JAMA Network | JAMA: The Journal of the American Medical Association | Effects of Dietary Composition on Energy Expenditure During Weight-Loss MaintenanceDietary Composition During Weight-Loss Maintenance.
This article compares results of 3 different diets, all with the same calories:
- 1. 60% of energy from carbohydrate, 20% from fat, 20% from protein; high glycemic load
- 2. 40% from carbohydrate, 40% from fat, and 20% from protein; moderate glycemic load.
- 3. 10% from carbohydrate, 60% from fat, and 30% from protein; low glycemic load
The results showed that the high carb, high glycemic load diet resulted in the greatest slowdown of our fat-burning due to calorie restriction. The low-carb, high fat diet resulted in the least slowdown of metabolism.
In other words, the low fat, high carb diet is the LEAST effective, while the low carb, high fat diet was the MOST effective for weight loss, by about 300 calories/day, or a pound every 12 days. And, from personal experience, as well as anecdotal information, the higher fat, lower carb diet is the most tolerable without excessive hunger.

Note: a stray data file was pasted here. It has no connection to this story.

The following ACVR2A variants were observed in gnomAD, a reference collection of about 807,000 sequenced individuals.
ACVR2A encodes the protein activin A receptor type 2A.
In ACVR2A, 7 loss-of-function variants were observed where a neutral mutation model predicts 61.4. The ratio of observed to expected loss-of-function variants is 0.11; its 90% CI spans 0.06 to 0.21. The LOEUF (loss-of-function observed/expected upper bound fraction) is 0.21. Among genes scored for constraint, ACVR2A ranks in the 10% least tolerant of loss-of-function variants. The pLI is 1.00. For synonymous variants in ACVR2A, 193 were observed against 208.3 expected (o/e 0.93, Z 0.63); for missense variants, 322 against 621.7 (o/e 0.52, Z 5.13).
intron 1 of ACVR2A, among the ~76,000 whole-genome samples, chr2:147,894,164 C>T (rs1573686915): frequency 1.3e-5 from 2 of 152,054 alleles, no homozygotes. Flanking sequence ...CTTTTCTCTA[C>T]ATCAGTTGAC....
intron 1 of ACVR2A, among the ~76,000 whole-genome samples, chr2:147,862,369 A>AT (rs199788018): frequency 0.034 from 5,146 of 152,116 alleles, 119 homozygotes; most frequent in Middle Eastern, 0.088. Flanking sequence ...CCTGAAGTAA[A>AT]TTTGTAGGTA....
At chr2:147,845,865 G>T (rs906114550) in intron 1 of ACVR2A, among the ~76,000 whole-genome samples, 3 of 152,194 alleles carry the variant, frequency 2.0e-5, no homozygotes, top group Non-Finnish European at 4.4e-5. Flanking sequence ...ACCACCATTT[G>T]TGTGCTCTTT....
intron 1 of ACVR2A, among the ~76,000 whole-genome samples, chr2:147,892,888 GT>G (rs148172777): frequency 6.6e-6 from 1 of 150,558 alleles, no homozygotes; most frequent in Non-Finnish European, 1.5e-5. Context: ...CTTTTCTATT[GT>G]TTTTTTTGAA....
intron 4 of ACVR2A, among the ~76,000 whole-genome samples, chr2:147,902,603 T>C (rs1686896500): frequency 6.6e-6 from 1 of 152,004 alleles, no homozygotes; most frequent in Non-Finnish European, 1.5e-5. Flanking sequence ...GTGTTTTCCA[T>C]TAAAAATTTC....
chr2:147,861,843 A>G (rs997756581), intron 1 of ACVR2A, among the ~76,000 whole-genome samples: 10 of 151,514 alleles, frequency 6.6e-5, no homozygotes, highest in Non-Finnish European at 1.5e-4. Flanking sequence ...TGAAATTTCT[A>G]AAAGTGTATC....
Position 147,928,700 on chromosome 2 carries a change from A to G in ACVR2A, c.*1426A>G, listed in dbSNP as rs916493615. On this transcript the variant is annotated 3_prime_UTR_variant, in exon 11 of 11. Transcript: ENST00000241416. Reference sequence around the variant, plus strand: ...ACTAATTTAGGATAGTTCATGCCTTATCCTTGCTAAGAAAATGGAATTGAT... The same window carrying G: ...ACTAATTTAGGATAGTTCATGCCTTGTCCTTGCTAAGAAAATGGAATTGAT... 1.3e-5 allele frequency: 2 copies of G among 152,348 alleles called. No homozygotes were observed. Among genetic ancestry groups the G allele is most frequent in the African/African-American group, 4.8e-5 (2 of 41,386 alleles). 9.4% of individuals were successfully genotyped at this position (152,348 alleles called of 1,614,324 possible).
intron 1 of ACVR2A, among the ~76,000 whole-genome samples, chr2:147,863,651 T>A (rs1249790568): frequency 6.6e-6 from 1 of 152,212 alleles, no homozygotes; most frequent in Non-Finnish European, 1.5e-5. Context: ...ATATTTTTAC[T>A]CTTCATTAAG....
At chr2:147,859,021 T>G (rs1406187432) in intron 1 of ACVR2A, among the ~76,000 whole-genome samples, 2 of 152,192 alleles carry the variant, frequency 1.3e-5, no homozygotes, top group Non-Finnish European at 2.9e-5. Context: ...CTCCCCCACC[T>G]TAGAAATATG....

The reason for this is that if you have very few carbohydrates, the body undergoes a chemical change that allows the body to burn fat more easily. So, the body sees little difference in eaten fat vs stored fat, so when the fat in your digestive tract is used up, the body is burning stored fat. The result is not the precipitous drop in blood sugar that accompanies high carbohydrate diets, but a much more steady one. When eating very low carbohydrates, one can “forget to eat”, a concept lost on most obese people.
Now this does not mean a diet of bacon, eggs, and cheese is healthy– we need nutrients and fiber from vegetables and fruit, too. But, those vegetables should include greens, cucumbers, summer squash, but avoidance of potatoes, rice, corn, winter squash, and other starchy vegetables. The Paleo Diet is quite sensible and compatible with this concept. Of course, flour and sugar should be avoided, too.
So, forget the traditional food pyramid that talks about carbs and grain and a minimum of fat– it is just plain wrong! It may provide plenty of nutrition, but at the expense of hunger sensations and difficulty in sustaining a weight-loss program. This is especially important for “carbaholics”, who have an exaggerated craving for carbohydrates– sweets, crackers, chips, cookies, etc.